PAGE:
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Friday, 05 April 2019 11:52

Wall Street Journal needs to get its digital act in order

In 2019, the Wall Street Journal expects people in Australia to have a landline. In 2019, the Wall Street Journal expects people in Australia to have a landline. Image by Alexas_Fotos from Pixabay

Despite being one of the bigger and older US mainstream media outlets, The Wall Street Journal appears to be unable to do the small things right and manage its digital subscribers properly.

A couple of months back, this writer subscribed to the newspaper as it was offering a discount for two months. All was fine until a decision was made to unsubscribe at the beginning of this month.

The WSJ sets accounts to renew automatically and this writer had no desire to continue reading material that has become markedly right-wing since the publication was bought by American media titan Rupert Murdoch.

But it was not possible to cancel one's subscription as the software used by the WSJ to manage its digital subscriptions refused to recognise the email address that had been used at the time of subscribing - even though the same email address was present in the customer details.

An email was sent to the support address provided, only for this writer to receive a response that said: "Due to security reasons, we are unable to accept cancellations by e-mail or by any other means other than calling Customer Service.

"Please kindly contact Wall Street Journal Asia Customer Service with your subscription number and/or login details. Our customer service representatives will be more than happy to assist."

The catch is that Australian subscribers can only call the number provided from a landline or from BT's mobile network. Exactly why BT was specified for Australian customers is unknown. The WSJ apparently still thinks Australia is a British colony.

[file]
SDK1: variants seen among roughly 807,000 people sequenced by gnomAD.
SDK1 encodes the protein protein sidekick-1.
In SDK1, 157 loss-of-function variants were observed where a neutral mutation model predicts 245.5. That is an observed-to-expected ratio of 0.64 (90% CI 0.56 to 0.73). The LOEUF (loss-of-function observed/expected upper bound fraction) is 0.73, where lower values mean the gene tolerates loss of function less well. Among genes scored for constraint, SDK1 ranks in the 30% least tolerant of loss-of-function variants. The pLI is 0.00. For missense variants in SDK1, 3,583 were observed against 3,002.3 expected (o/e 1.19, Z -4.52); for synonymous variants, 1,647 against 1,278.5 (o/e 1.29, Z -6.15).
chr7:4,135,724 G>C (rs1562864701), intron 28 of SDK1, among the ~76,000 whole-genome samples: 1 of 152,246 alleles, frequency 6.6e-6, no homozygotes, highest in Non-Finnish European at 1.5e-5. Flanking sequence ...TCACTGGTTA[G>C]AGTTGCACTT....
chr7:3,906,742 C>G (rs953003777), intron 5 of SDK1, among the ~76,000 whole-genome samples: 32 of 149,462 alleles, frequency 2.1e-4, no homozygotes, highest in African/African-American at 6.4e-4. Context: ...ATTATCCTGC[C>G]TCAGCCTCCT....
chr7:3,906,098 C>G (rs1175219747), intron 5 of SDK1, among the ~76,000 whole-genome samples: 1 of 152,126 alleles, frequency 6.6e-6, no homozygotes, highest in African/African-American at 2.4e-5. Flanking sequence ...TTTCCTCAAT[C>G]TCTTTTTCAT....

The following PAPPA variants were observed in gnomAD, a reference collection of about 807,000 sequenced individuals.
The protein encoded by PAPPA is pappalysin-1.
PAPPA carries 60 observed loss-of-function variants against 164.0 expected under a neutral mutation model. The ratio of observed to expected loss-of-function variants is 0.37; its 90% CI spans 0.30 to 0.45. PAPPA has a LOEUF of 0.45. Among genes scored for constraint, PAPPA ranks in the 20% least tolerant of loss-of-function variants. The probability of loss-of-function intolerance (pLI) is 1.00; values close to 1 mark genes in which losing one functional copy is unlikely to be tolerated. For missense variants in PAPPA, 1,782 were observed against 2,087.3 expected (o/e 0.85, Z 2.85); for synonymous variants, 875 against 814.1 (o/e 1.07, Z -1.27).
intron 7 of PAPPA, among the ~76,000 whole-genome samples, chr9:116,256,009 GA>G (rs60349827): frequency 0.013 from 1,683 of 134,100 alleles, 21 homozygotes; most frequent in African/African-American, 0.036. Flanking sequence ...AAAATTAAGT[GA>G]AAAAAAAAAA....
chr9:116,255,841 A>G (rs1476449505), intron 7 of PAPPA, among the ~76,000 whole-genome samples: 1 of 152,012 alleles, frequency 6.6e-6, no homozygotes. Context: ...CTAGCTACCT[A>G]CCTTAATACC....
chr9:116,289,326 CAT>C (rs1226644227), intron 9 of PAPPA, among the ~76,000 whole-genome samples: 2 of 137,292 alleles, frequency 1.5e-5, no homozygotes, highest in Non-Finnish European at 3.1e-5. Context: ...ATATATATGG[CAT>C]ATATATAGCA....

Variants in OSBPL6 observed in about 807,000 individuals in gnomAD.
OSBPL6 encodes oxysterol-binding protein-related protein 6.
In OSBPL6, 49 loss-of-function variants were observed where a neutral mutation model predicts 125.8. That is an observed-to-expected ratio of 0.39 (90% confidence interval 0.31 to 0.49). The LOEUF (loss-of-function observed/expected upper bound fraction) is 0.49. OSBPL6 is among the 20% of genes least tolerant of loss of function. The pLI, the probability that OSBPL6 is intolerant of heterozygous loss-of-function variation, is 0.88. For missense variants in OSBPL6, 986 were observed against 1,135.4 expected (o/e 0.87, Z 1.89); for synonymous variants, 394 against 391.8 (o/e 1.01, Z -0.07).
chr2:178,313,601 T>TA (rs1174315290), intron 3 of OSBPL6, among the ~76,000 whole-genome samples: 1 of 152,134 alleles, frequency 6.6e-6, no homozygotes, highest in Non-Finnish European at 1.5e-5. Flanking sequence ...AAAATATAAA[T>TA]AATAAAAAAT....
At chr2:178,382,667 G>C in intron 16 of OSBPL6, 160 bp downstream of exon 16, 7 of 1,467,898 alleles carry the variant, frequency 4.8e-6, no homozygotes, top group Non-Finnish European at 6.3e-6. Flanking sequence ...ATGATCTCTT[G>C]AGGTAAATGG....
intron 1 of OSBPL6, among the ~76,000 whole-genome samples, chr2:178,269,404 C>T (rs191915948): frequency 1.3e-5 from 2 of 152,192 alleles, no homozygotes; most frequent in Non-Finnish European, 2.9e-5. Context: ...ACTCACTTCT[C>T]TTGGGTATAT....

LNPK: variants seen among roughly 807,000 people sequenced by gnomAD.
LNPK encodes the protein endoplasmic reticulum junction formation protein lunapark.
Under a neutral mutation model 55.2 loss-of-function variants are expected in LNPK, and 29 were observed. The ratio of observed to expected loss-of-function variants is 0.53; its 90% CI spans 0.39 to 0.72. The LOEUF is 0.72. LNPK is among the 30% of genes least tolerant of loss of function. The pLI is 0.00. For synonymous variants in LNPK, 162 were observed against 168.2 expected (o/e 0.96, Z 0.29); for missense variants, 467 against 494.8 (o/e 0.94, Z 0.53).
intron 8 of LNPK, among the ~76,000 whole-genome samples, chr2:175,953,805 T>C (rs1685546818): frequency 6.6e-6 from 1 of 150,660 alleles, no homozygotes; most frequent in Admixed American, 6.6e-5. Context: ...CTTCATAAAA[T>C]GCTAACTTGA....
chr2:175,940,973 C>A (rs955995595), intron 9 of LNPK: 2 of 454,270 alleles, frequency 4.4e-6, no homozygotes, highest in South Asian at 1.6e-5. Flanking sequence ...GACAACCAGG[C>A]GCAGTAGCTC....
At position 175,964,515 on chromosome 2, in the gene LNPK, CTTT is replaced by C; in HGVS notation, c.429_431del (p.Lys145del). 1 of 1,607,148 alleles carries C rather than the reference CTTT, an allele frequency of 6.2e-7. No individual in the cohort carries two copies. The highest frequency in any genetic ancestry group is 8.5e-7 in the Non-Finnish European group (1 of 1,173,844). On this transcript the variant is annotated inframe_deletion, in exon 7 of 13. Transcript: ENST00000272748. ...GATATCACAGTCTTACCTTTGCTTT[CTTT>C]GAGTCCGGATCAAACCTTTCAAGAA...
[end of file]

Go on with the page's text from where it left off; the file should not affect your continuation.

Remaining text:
An email was then sent, asking if the WSJ built up its subscriber numbers by preventing people from cancelling subscriptions when they wanted to.

A phone call from someone who could barely speak English followed and somehow this individual was made aware of what was being requested.

The WSJ seems to be stuck in the past if it expects people to have a landline these days. Sure, Australia is backward in many ways, but a landline?

If a publication of this vintage cannot get its online setup right, and wastes people's time with incorrect information, why is it offering digital subscriptions at all?


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Sam Varghese

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Sam Varghese has been writing for iTWire since 2006, a year after the site came into existence. For nearly a decade thereafter, he wrote mostly about free and open source software, based on his own use of this genre of software. Since May 2016, he has been writing across many areas of technology. He has been a journalist for nearly 40 years in India (Indian Express and Deccan Herald), the UAE (Khaleej Times) and Australia (Daily Commercial News (now defunct) and The Age). His personal blog is titled Irregular Expression.



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